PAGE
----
Skip to content
Imran Khan: Pakistan’s highest court says blocking vote of no confidence in PM unconstitutional


The Supreme Court handed down the unanimous ruling after a special procedure that spanned four days as Khan and his loyalist president Arif Alvi sped up a process to launch a snap election. The Supreme Court also overturned Khan’s order to dissolve parliament and call a snap election, calling it “without legal effect”.

A vote of confidence for Khan will now take place on Saturday at 10:30 a.m. local time (1:30 a.m. ET).

Khan had called the election in a dramatic bid to cling on to power after the deputy speaker of parliament blocked a no-confidence vote against him last Sunday that looked almost certain to succeed.

Vice President Qasim Khan Suri said he acted to prevent a “foreign conspiracy” to overthrow the Khan regime.

The move, and Khan’s subsequent dissolution of parliament, infuriated an opposition that for months had demanded his removal over allegations of poor governance and economic mismanagement.

The opposition responded by charging Khan with treason and asking the nation’s highest court to rule on whether the prime minister had breached the constitution.

The court battle is the latest escalation in a crisis that has been brewing for weeks, with Khan having already lost the support of key political allies and the country’s powerful military.

Military spokesman Major General Babar Iftikhar distanced the country’s military from the developments in a statement on Sunday, insisting it was not involved in what is “purely a political situation.” “.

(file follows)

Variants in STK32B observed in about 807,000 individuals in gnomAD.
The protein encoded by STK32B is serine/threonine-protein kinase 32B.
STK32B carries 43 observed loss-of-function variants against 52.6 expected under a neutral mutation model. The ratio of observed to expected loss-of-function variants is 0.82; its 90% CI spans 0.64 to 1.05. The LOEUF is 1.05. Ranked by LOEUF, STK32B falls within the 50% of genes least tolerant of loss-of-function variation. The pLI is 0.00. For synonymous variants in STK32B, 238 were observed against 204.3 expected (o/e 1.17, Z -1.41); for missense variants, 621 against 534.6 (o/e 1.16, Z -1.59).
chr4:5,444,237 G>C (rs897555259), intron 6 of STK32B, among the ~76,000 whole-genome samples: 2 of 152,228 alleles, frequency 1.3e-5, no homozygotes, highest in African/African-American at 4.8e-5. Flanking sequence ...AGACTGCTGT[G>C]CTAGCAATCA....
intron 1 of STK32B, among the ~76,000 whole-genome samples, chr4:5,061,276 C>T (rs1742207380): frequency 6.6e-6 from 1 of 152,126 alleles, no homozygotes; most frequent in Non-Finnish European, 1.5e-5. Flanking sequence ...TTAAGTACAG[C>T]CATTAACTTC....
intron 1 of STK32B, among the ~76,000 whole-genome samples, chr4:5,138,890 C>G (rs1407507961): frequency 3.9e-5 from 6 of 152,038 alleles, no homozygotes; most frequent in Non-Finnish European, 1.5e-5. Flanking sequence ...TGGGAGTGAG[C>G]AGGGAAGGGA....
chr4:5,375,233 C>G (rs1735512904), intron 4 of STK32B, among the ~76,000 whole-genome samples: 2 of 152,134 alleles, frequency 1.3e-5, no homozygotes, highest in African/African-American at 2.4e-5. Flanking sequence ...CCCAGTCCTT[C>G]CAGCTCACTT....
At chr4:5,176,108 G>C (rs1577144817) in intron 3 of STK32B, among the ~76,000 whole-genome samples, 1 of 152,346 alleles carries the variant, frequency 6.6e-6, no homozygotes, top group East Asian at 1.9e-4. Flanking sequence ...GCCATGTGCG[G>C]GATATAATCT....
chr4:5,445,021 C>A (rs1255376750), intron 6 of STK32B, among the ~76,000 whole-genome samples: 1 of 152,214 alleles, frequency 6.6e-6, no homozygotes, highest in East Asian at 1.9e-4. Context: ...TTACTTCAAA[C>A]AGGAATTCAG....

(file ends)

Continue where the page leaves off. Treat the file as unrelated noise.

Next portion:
Pakistan, a nation of 220 million people, has struggled with political instability since its formation in 1947 with multiple regime changes and military coups. No prime minister has ever completed a full five-year term under the current 1973 constitution.

The country’s main opposition parties have been mobilizing for the removal of Khan since he came to power in 2018 after an election mired in accusations of voter fraud and foul play.

More recently, he has been dogged by allegations of economic mismanagement as his government battles depleted foreign exchange reserves and double-digit inflation, with the cost of basic necessities such as food and fuel which are soaring.

Khan’s response was to double down on his claims that opposition to him is fueled by the United States. He presented no evidence to support his claims, and the State Department denied the allegations.

Not all news on the site expresses the point of view of the site, but we transmit this news automatically and translate it through programmatic technology on the site and not from a human editor.